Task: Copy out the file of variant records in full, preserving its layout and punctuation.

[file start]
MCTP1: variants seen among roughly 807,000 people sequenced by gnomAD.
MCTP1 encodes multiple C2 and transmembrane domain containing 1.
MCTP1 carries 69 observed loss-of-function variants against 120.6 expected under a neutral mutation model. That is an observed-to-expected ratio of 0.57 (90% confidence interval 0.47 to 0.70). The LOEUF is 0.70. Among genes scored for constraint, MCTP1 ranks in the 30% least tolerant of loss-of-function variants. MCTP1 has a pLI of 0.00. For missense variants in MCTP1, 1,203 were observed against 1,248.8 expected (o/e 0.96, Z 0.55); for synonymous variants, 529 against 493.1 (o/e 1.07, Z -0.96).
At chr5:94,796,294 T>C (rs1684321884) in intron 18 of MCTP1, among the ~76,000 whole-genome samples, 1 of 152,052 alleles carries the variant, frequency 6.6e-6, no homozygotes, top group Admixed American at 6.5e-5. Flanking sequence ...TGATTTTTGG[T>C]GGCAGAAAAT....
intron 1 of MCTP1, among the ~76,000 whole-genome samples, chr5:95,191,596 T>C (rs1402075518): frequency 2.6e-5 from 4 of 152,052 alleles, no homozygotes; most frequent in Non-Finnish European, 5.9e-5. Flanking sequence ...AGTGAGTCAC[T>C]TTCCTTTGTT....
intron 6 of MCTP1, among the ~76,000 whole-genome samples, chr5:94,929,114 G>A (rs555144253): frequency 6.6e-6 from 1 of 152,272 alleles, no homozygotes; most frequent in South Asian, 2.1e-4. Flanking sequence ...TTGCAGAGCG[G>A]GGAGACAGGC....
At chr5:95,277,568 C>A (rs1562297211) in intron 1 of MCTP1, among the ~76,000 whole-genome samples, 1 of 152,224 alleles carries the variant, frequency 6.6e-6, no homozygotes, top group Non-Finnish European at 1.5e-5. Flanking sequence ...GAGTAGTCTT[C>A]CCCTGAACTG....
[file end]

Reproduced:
MCTP1: variants seen among roughly 807,000 people sequenced by gnomAD.
MCTP1 encodes multiple C2 and transmembrane domain containing 1.
MCTP1 carries 69 observed loss-of-function variants against 120.6 expected under a neutral mutation model. That is an observed-to-expected ratio of 0.57 (90% confidence interval 0.47 to 0.70). The LOEUF is 0.70. Among genes scored for constraint, MCTP1 ranks in the 30% least tolerant of loss-of-function variants. MCTP1 has a pLI of 0.00. For missense variants in MCTP1, 1,203 were observed against 1,248.8 expected (o/e 0.96, Z 0.55); for synonymous variants, 529 against 493.1 (o/e 1.07, Z -0.96).
At chr5:94,796,294 T>C (rs1684321884) in intron 18 of MCTP1, among the ~76,000 whole-genome samples, 1 of 152,052 alleles carries the variant, frequency 6.6e-6, no homozygotes, top group Admixed American at 6.5e-5. Flanking sequence ...TGATTTTTGG[T>C]GGCAGAAAAT....
intron 1 of MCTP1, among the ~76,000 whole-genome samples, chr5:95,191,596 T>C (rs1402075518): frequency 2.6e-5 from 4 of 152,052 alleles, no homozygotes; most frequent in Non-Finnish European, 5.9e-5. Flanking sequence ...AGTGAGTCAC[T>C]TTCCTTTGTT....
intron 6 of MCTP1, among the ~76,000 whole-genome samples, chr5:94,929,114 G>A (rs555144253): frequency 6.6e-6 from 1 of 152,272 alleles, no homozygotes; most frequent in South Asian, 2.1e-4. Flanking sequence ...TTGCAGAGCG[G>A]GGAGACAGGC....
At chr5:95,277,568 C>A (rs1562297211) in intron 1 of MCTP1, among the ~76,000 whole-genome samples, 1 of 152,224 alleles carries the variant, frequency 6.6e-6, no homozygotes, top group Non-Finnish European at 1.5e-5. Flanking sequence ...GAGTAGTCTT[C>A]CCCTGAACTG....